morning, is sufficient time for the offenders to meditate and reflect on the
consequences of their act.
In People vs. Lopez, 69 Phil. 298, this Court found the aggravating
circumstance of evident premeditation present, in view of the repeated statements
of the defendants that the hour of reckoning of the victim would arrive, the
existing enmity between them, the fact that they were previously armed with
deadly weapons, and the fact that the aggression was simultaneous and continuous
until the deceased was left unconscious on the ground. And in People vs. Lazada,
70 Phil. 525, four hours was held sufficient lapse of time for purposes of the
presence of evident premeditation. Furthermore, sufficient lapse of time in this
regard is not simply a matter of the precise number of hours, but of the reasonable
opportunity, under the situation and circumstances, to ponder and reflect upon the
consequences. In the present case, we find the facts and circumstance obtaining
sufficient to support the trial court's finding of the attendance of evident
premeditation.
Copyright 1994-2014

CD Technologies Asia, Inc.

Jurisprudence 1901 to 2013

Following previous instances, the indemnity to the heirs of the deceased in


this case should be increased to P6,999. 12(12)
Anent the attempted murder case, no appeal therefrom was taken. The
record shows that defendants perfected no appeal from the judgment below. The
present automatic review is limited only to the murder case in which the death
penalty was imposed. It was only because of the joint trial that the record of the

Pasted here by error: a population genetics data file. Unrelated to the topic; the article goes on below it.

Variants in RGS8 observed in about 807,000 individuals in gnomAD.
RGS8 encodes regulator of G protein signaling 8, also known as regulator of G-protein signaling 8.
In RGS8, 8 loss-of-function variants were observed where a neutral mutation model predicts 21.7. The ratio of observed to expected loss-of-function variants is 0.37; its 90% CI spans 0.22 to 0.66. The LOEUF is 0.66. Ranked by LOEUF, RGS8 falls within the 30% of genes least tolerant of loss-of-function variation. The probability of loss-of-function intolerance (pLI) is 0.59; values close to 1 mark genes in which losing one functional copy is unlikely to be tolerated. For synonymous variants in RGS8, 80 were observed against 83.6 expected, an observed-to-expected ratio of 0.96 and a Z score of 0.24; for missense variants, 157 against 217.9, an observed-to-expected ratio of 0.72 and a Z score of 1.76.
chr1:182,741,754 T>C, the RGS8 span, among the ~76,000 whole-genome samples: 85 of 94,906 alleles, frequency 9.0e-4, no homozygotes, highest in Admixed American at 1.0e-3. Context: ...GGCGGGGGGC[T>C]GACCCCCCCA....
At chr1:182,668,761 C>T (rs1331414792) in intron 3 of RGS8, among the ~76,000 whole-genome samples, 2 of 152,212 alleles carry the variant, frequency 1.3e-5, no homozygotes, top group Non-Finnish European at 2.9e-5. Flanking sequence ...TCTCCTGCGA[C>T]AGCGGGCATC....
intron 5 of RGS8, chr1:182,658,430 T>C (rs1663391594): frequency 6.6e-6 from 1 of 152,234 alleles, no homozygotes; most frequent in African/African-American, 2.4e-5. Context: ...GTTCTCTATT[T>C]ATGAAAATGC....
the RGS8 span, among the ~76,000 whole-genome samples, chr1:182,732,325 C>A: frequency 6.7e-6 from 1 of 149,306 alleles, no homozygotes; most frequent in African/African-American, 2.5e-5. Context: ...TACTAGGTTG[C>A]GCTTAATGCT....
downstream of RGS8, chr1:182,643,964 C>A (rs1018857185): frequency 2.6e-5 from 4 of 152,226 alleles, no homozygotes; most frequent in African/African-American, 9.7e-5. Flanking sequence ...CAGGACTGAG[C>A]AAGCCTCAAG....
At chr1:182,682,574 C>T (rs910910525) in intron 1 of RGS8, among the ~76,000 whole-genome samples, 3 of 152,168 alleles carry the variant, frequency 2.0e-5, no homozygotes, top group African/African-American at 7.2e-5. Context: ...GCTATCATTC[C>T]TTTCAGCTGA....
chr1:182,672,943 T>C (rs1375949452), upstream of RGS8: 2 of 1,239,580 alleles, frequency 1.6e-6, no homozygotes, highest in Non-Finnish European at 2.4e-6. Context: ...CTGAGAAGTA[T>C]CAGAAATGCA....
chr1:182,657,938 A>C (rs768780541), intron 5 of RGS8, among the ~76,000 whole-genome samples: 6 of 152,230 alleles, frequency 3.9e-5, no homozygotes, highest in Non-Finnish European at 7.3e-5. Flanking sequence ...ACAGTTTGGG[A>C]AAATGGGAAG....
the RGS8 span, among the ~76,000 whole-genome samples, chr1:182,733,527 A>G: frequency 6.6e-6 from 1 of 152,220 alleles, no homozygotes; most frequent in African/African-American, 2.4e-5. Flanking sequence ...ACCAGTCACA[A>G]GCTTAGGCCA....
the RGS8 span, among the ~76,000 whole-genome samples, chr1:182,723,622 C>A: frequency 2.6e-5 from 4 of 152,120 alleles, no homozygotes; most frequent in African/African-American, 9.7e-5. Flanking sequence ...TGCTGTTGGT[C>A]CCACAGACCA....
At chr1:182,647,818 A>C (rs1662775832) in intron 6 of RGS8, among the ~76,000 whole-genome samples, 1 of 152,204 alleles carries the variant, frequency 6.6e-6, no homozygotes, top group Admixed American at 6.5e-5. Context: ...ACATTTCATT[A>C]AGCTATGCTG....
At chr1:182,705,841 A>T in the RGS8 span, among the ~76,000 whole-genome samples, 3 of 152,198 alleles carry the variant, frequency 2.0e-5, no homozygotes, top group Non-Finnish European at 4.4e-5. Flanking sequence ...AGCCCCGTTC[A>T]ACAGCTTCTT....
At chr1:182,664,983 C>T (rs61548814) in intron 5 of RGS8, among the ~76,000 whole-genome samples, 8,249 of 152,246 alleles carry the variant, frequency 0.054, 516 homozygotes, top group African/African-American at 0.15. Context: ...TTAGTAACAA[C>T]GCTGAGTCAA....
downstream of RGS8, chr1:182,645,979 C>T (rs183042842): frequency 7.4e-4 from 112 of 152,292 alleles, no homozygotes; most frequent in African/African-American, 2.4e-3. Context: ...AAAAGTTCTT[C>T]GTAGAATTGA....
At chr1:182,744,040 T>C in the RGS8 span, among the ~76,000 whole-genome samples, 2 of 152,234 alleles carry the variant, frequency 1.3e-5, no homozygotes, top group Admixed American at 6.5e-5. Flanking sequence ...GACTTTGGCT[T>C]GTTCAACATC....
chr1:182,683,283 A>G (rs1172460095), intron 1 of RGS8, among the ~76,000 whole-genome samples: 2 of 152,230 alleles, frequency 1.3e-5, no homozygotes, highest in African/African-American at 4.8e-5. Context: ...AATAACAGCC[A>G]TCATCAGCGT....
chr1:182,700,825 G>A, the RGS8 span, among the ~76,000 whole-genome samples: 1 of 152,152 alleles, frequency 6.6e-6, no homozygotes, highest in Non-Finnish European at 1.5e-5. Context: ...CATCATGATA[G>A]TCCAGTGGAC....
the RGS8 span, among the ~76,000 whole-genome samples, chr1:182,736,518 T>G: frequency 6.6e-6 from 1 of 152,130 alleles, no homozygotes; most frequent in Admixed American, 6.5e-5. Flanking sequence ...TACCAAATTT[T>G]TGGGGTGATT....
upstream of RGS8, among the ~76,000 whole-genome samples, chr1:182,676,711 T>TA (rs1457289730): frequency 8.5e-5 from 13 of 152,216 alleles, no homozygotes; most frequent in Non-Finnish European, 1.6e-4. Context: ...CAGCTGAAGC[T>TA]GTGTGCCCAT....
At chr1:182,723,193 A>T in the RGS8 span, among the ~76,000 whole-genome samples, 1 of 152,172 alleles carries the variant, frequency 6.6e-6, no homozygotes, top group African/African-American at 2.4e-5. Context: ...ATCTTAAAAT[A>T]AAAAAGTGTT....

attempted murder case was likewise elevated herein. Since no appeal was taken in
the attempted murder case, the judgment with respect thereto has become final. It
therefore cannot now be reviewed herein, as some of the appellants would ask.
And defendants-appellants, who are detained, should accordingly be deemed to
have started serving their respective sentence in said attempted murder case from
the time the decision of the trial court became final as to said case.
WHEREFORE, the death penalty imposed on defendants-appellants is
hereby affirmed, and the indemnity to the heirs of Federico Caalete is hereby
increased from P4,000 to P6,000, with costs. So ordered.
Concepcion, C.J., J.B.L. Reyes, Barrera, Dizon, Regala, Makalintal, J.P.
Bengzon, Zaldivar and Sanchez, JJ., concur.
Footnotes
1.
2.
3.
4.
5.
6.
7.
8.
9.
10.
11.
12.

Sec. 9, Rule 122, formerly Sec. 9, Rule 118.


Docketed in the CFI as Crim. Case No. 52338.
Docketed in the CFI as Crim. Case No. 52339.
T.s.n., 10 October 1960, p. 13.
T.s.n., 10 October 1960, p. 14.
T.s.n., 23 November 1960, p. 2.
T.s.n., 23 November 1960, p. 2.
T.s.n., 13 July 1961, pp. 2, 4.
T.s.n., 27 March 1961, p. 48.
People v. Tansiangco, L-19448, February 28, 1964; People v. Riveral, L-14077,
March 31, 1964.
See People v. John Doe, L-2463, March 31, 1950; 2 Viada, Codigo Penal,
274-275.
People v. Hernandes, 91 Phil. 334; People v. Banlos, L-3413, December 29, 1955.

Copyright 1994-2014

CD Technologies Asia, Inc.

Jurisprudence 1901 to 2013

10

Endnotes
1 (Popup - Popup)
1

Sec. 9, Rule 122, formerly Sec. 9, Rule 118.

2 (Popup - Popup)
2

Docketed in the CFI as Crim. Case No. 52338.

3 (Popup - Popup)
3

Docketed in the CFI as Crim. Case No. 52339.

4 (Popup - Popup)
4

T.s.n., 10 October 1960, p. 13.

5 (Popup - Popup)
5

T.s.n., 10 October 1960, p. 14.

6 (Popup - Popup)
6

T.s.n., 23 November 1960, p. 2.

7 (Popup - Popup)
7

T.s.n., 23 November 1960, p. 2.

8 (Popup - Popup)
8

T.s.n., 13 July 1961, pp. 2, 4.

9 (Popup - Popup)
9

T.s.n., 27 March 1961, p. 48.

Copyright 1994-2014

CD Technologies Asia, Inc.

Jurisprudence 1901 to 2013

11

10 (Popup - Popup)
10

People v. Tansiangco, L-19448, February 28, 1964; People v. Riveral, L-14077,


March 31, 1964.

11 (Popup - Popup)
11

See People v. John Doe, L-2463, March 31, 1950; 2 Viada, Codigo Penal,
274-275.

12 (Popup - Popup)
12

People v. Hernandes, 91 Phil. 334; People v. Banlos, L-3413, December 29, 1955.

Copyright 1994-2014

CD Technologies Asia, Inc.

Jurisprudence 1901 to 2013

12

Похожие интересы